A bill has been read in the House of Commons that could cause issue for some airsofters.
Part of the bill,
which can be found to its full extent here, proposes an exclusion in Policing and Crime Bill 2015-16 that permits the sport of airsoft to continue without RIFs being classified as firearms.
This sounds fantastic, a great step forward the sport. Finally some recognition!
However, this is the bill in its current state:
57A Exception for airsoft guns (1)An “airsoft gun” is not to be regarded as a firearm for the purposes of this Act. (2)An “airsoft gun” is a barrelled weapon of any description from which only a small plastic missile, with kinetic energy at the muzzle of the weapon that does not exceed the permitted level, can be discharged. (3)“Small plastic missile” means a missile that— (a)is made wholly or partly from plastics, and (b)does not exceed 6 millimetres in diameter. (4)The permitted kinetic energy level is— (a)in the case of a weapon which is designed or adapted so that two or more missiles can be discharged successively without repeated pressure on the trigger, 1.3 joules; (b)in any other case, 2.5 joules.”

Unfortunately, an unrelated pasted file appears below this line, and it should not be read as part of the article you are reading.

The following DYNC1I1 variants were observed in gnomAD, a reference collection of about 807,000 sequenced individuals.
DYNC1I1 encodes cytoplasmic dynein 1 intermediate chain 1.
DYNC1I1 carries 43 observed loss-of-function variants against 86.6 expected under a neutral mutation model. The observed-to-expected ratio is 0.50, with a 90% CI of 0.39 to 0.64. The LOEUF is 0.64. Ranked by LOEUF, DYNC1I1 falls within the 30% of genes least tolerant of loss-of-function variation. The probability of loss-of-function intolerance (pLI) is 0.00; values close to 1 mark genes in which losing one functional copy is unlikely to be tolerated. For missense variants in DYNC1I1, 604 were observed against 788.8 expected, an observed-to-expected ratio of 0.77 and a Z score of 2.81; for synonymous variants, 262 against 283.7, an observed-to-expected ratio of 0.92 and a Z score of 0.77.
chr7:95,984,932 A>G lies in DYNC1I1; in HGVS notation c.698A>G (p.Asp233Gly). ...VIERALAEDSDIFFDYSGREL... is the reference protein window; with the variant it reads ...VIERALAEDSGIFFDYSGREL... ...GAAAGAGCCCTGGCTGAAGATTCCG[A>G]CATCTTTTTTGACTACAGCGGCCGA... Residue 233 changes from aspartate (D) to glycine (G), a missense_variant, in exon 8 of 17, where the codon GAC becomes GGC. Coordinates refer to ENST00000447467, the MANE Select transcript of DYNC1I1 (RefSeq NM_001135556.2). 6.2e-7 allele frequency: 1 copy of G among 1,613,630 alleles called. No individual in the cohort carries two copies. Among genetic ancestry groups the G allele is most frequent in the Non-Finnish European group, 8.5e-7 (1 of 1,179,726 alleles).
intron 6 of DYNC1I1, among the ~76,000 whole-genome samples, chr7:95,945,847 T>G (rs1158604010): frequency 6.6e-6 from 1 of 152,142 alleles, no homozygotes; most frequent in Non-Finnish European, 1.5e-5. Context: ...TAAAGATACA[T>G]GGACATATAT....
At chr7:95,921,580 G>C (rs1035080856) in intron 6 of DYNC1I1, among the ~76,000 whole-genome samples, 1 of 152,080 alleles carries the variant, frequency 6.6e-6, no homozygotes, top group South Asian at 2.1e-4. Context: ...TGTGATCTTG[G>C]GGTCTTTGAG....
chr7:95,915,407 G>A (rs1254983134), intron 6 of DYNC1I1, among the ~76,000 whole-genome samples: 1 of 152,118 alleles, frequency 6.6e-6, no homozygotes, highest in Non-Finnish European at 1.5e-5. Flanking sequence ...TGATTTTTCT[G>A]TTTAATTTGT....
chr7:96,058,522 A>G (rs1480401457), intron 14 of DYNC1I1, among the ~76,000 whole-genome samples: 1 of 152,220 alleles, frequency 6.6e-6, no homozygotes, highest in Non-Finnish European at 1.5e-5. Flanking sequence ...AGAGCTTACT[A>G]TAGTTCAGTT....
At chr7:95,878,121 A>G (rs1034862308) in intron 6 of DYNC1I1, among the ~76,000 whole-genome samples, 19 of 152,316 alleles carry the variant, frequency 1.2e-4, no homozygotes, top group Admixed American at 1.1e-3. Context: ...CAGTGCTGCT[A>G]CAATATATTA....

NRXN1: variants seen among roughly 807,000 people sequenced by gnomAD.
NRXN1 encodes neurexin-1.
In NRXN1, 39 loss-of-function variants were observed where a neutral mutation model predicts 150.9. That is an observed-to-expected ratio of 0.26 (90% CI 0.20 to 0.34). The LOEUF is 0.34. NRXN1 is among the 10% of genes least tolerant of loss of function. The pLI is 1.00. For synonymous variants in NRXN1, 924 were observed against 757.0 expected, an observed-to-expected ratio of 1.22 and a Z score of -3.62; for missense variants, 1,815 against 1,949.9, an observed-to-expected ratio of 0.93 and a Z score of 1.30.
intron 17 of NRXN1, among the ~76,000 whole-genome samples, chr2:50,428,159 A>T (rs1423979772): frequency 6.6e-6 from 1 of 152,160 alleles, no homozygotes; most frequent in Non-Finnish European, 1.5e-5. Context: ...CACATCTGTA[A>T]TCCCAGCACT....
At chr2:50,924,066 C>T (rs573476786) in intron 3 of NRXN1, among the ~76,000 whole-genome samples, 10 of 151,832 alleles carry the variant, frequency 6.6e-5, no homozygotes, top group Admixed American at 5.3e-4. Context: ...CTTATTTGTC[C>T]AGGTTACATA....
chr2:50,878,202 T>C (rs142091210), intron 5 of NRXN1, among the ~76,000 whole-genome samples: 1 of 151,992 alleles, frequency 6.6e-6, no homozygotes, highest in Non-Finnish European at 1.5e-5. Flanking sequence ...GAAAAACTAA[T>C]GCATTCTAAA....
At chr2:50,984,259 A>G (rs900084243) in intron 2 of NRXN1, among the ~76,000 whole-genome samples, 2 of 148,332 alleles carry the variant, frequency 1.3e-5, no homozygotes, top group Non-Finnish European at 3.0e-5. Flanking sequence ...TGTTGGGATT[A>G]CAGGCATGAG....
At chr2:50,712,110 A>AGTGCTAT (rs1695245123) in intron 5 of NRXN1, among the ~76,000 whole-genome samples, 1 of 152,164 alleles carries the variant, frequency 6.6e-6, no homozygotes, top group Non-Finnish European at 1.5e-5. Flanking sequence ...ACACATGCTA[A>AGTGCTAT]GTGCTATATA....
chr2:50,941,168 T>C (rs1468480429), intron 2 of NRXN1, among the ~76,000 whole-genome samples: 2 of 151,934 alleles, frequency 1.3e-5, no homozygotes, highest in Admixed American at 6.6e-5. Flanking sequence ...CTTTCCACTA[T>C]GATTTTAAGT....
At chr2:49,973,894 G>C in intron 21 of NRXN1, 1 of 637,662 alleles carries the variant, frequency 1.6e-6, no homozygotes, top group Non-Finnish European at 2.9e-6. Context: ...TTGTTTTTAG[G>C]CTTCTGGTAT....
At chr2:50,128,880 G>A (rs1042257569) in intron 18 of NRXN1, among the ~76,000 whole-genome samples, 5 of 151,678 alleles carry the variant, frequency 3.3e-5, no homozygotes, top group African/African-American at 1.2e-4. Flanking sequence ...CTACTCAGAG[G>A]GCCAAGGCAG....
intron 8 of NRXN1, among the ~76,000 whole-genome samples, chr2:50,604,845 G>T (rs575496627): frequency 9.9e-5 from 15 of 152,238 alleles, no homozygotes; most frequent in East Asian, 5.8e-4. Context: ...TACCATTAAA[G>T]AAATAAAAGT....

As you can see, the current exception to airsoft guns needs work.
Firstly, there’s no stipulation that airsoft ammunition must be spherical. Reddit user u/masterventris rightly states that someone could fire 6mm rods from their gun without repercussion.
Furthermore, this completely cuts off the 8mm market. Whilst 8mm airsoft replicas may not be the most popular in the
sport, there are collectors and manufacturers that still use 8mm ammunition and cutting these people out will be a huge loss to the airsoft industry in the UK. It is unclear whether these 8mm weapons would be ‘grand-fathered’ in and banned from sale or whether they would be flat-out illegal to sell or own. Regardless, it’s a change that the community would like to avoid.
We feel that this is a great step in the right direction for protecting our sport and getting it recognised. However, this needs to be better researched to ensure that our sport continues without hindrance or sacrifice.
If you’re in the UK,
we urge that you contact your local MP.
As always, remain civil. We must show that as a community we are sensible, reasonable people with a genuine interest in this sport and its continuance. Ask your MP to read into this subject, provide them materials and sources, point out your grievances with this bill and propose reasonable solutions.